Many people, when they learn that many people who are chronically homeless are mentally ill, ask why we don’t “reopen” Lakeshore. Dr. Tennison answers that question.
The policy initiative that led to the current crisis — called de-institutionalization — began in the 1960s as a response to endemic problems in mental hospitals, Tennison explained. Officials were working under the incorrect assumption that then-new drugs would cure psychoses, and they also were dealing with both skyrocketing costs and allegations of inhumane treatment. Their response was to all but shut down the system of mental asylums that housed the country’s mentally ill, a mistake that’s been compounded by subsequent budget cuts for public mental health care. In Knoxville, for instance, Lakeshore Hospital went from being a 2,000-bed asylum to a facility that today has less than 200 beds, he said.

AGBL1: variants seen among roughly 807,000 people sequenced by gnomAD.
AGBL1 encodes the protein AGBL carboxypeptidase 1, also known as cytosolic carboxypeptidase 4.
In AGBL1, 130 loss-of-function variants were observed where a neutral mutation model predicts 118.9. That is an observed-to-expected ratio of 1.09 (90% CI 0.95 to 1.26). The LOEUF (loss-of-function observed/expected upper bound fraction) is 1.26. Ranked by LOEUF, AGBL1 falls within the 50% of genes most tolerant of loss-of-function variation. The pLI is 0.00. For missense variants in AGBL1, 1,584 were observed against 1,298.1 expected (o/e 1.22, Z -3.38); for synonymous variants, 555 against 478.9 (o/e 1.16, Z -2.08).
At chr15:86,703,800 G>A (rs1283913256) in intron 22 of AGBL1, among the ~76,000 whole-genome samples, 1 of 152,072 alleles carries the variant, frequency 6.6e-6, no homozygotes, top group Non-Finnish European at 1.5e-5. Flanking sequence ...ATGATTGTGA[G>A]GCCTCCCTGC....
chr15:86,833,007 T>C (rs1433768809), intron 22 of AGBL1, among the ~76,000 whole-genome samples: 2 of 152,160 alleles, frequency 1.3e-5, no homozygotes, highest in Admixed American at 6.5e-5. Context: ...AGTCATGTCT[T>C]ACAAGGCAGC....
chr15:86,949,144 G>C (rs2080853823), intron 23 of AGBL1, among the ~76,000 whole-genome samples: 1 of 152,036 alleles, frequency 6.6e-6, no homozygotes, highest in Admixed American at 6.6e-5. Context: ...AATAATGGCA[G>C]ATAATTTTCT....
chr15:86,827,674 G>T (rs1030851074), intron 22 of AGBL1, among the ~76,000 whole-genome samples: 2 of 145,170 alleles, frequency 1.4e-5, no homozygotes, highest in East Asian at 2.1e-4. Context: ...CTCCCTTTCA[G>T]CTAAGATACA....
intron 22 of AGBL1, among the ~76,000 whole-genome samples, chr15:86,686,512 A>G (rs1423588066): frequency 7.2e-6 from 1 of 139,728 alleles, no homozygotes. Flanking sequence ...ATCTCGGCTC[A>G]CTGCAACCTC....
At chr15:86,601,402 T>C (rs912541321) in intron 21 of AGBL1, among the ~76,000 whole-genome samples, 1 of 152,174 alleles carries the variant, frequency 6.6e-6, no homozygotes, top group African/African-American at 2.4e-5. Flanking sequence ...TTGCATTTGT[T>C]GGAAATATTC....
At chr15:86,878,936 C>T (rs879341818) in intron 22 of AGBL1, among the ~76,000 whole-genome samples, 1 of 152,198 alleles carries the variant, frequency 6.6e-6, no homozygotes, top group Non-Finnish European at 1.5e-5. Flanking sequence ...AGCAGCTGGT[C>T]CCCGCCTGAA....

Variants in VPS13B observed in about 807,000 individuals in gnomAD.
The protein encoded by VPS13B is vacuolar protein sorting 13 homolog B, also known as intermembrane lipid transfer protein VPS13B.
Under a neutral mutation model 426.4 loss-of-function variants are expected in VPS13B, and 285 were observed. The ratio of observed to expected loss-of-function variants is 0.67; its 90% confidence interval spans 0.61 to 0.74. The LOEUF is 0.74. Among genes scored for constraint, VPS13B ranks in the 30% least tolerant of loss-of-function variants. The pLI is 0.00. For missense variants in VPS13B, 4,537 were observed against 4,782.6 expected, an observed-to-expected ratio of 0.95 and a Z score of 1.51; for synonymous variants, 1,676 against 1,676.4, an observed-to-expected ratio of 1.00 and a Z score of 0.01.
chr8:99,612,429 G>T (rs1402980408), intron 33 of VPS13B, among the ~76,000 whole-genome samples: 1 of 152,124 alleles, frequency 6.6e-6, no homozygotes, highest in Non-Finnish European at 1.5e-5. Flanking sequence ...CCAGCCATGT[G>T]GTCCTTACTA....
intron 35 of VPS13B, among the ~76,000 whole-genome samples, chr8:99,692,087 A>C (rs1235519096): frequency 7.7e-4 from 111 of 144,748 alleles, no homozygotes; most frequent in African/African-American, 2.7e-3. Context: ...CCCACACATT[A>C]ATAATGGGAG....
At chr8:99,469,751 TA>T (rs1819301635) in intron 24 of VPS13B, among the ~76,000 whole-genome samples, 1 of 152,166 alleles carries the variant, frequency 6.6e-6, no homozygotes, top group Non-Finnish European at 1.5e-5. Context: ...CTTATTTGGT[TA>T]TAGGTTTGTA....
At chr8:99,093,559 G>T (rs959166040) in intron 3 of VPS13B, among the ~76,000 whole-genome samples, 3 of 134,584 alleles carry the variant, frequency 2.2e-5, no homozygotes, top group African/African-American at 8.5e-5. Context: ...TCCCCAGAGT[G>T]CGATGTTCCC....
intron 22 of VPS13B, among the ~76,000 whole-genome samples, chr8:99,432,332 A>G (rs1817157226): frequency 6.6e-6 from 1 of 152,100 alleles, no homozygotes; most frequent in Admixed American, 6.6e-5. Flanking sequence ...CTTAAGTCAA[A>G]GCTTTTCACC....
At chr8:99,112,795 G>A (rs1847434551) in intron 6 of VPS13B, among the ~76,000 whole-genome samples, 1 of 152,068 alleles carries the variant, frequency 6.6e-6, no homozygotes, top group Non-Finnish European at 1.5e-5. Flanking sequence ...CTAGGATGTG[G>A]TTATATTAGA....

That means we have neighbors now who suffer from mental illness. They often end up homeless. You can understand how that would happen. As Dr. Tennison points out, “You’re not wrong, you’re not evil because you’re uncomfortable around mentally ill homeless,” he said. “So are we. It’s horribly uncomfortable, and sometimes it’s scary. The only thing that’s wrong is making them feel hopeless.”
So, now what?
Bottom line: we need to change the way we think about homelessness. It’s a degrading, demeaning, destructive social ill, and what we do with it now, with the best of intentions, sometimes inadvertently serves to prolong it. We need to end homelessness as we know it, and to do that, we need to build more permanent supportive housing. We need to operate it with excellence, in appropriate locations throughout our community.